• Callum Innes

    Frith Street Gallery | Soho Square

    It is not so long since the inherently repetitive nature of cultural activity seemed to suggest that abstraction was a vanquished option. How could you confront everyday reality with the reality of painting if there were no difference between the two? In some quarters, however, it is increasingly the tendency to reassert claims of value against the more self-indulgent aspects of post-Modernism’s love affair with heterogeneity. As Kate Soper said at a recent conference on “Values” at the ICA, “reveling in the loss of progress is a Western metropolitan privilege that depends on living in a certain

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  • Alan Charlton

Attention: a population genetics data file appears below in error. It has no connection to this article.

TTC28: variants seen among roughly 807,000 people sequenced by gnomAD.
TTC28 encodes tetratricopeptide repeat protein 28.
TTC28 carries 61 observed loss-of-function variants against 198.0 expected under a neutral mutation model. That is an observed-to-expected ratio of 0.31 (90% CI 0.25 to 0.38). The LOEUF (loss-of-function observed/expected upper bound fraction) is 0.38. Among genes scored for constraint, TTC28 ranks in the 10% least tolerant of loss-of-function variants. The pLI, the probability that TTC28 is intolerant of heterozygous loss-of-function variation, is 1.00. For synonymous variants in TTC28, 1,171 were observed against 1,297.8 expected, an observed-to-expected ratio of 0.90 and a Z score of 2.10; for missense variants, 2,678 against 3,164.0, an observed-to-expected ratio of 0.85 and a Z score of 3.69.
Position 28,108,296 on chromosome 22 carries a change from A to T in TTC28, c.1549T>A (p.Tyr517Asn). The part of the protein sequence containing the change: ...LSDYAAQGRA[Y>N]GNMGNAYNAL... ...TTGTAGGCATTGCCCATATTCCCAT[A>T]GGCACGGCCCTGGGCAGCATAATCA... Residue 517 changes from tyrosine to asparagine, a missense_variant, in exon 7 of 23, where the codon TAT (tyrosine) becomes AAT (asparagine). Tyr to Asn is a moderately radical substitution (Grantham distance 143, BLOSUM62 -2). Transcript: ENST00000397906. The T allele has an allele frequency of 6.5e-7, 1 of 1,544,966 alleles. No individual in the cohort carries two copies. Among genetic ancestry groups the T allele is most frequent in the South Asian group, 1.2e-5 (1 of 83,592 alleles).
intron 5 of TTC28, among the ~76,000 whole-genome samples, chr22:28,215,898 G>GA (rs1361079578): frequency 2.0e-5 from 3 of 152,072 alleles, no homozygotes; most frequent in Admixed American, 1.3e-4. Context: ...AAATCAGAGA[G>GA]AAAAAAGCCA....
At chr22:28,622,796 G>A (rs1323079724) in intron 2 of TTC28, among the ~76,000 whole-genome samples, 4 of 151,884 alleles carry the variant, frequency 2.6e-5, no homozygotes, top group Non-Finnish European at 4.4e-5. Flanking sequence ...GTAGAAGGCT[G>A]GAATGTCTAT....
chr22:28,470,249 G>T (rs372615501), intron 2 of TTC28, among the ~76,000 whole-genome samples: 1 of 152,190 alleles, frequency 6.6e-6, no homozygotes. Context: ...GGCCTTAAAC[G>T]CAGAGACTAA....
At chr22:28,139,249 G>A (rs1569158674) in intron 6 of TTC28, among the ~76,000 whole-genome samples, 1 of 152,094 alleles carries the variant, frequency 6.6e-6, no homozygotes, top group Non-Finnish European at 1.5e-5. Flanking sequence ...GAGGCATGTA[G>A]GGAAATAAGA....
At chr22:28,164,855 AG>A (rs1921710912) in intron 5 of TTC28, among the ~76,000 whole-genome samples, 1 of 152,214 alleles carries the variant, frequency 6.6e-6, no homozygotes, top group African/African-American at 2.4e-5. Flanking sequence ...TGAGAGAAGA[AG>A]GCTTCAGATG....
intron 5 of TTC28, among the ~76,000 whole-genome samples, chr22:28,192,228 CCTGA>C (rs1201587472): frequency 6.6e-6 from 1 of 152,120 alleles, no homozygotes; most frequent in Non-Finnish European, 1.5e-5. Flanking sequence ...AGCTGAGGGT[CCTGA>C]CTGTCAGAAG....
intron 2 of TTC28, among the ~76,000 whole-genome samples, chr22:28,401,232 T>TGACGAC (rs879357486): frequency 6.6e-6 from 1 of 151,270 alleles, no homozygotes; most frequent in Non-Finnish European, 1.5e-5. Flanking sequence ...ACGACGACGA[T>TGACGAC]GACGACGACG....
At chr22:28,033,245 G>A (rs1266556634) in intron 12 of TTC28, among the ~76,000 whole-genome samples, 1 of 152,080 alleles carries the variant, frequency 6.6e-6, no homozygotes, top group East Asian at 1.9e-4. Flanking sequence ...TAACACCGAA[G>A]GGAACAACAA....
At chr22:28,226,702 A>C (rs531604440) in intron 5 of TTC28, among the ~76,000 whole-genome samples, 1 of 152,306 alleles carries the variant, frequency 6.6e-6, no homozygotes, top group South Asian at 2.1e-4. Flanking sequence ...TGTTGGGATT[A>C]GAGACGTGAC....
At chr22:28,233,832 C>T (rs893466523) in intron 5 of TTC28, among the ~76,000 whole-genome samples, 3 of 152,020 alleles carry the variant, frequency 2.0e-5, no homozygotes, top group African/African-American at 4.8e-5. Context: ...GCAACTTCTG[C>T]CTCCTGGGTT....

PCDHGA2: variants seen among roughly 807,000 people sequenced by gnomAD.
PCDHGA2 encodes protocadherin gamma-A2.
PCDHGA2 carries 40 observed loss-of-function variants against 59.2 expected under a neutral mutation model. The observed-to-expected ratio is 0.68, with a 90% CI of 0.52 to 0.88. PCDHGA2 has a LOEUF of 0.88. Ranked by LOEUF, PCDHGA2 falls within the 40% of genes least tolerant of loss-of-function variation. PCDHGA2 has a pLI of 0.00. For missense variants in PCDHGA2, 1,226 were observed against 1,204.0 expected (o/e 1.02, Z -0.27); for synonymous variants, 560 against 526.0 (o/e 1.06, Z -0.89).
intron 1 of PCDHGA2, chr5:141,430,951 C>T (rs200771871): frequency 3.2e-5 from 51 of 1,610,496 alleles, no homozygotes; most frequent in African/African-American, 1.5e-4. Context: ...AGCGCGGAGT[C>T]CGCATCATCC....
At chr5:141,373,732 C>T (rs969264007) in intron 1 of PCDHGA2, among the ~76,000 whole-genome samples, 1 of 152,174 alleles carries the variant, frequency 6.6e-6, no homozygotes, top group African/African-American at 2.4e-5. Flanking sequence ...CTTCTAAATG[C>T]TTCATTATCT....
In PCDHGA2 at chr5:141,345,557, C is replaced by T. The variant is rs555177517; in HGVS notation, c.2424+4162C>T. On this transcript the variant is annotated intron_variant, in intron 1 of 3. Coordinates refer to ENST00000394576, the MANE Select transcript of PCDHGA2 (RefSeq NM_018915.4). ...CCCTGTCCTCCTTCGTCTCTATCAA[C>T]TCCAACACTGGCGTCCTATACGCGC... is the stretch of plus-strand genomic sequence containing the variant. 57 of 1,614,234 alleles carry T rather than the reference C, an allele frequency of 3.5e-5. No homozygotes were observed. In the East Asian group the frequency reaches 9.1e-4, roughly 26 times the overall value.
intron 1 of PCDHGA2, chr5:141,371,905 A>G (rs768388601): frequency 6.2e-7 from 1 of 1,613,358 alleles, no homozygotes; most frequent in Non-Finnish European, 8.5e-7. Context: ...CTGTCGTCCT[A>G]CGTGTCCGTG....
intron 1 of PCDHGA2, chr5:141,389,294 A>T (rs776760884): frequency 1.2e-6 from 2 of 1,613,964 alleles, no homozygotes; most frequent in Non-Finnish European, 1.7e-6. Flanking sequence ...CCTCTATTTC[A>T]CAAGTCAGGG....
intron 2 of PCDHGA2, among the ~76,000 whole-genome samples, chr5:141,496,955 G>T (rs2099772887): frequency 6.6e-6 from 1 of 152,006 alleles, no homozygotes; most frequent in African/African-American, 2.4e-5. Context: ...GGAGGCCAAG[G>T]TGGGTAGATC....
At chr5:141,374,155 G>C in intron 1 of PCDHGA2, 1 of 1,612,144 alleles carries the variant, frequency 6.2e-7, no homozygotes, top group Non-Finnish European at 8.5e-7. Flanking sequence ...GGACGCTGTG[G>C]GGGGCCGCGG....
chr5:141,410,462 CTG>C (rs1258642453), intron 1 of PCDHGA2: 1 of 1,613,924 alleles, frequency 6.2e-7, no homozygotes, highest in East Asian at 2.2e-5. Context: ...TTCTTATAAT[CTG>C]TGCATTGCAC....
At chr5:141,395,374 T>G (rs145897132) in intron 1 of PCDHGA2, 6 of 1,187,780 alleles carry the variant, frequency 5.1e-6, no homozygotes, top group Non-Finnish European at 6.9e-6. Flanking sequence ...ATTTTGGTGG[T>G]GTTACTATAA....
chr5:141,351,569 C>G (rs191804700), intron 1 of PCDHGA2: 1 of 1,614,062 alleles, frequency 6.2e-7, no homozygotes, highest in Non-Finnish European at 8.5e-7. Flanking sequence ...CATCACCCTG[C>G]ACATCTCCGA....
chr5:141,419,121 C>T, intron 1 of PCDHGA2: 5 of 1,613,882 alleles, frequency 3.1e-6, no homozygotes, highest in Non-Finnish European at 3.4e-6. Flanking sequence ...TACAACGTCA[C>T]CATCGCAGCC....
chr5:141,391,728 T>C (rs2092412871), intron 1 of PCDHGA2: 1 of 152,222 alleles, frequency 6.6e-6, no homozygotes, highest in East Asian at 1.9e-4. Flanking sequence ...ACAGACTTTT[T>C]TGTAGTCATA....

Victoria Miro Gallery/ICA

    Everyone knows it is not easy being a “pure” abstract painter today. We are so accustomed to the idea of the death of the historical avant-garde that any practice that justifies itself in the name of a hermetic, reductive formalism is received with indifference. Our persistent appetite for the “new” is such that our self consciousness of the paradoxical and tragic dimensions of the historical avant-garde remains curiously underdeveloped.

    Alan Charlton is a “pure” abstractionist, and as such, the historical potential for his painting seems, frankly, bleak. The formal possibilities of such a practice

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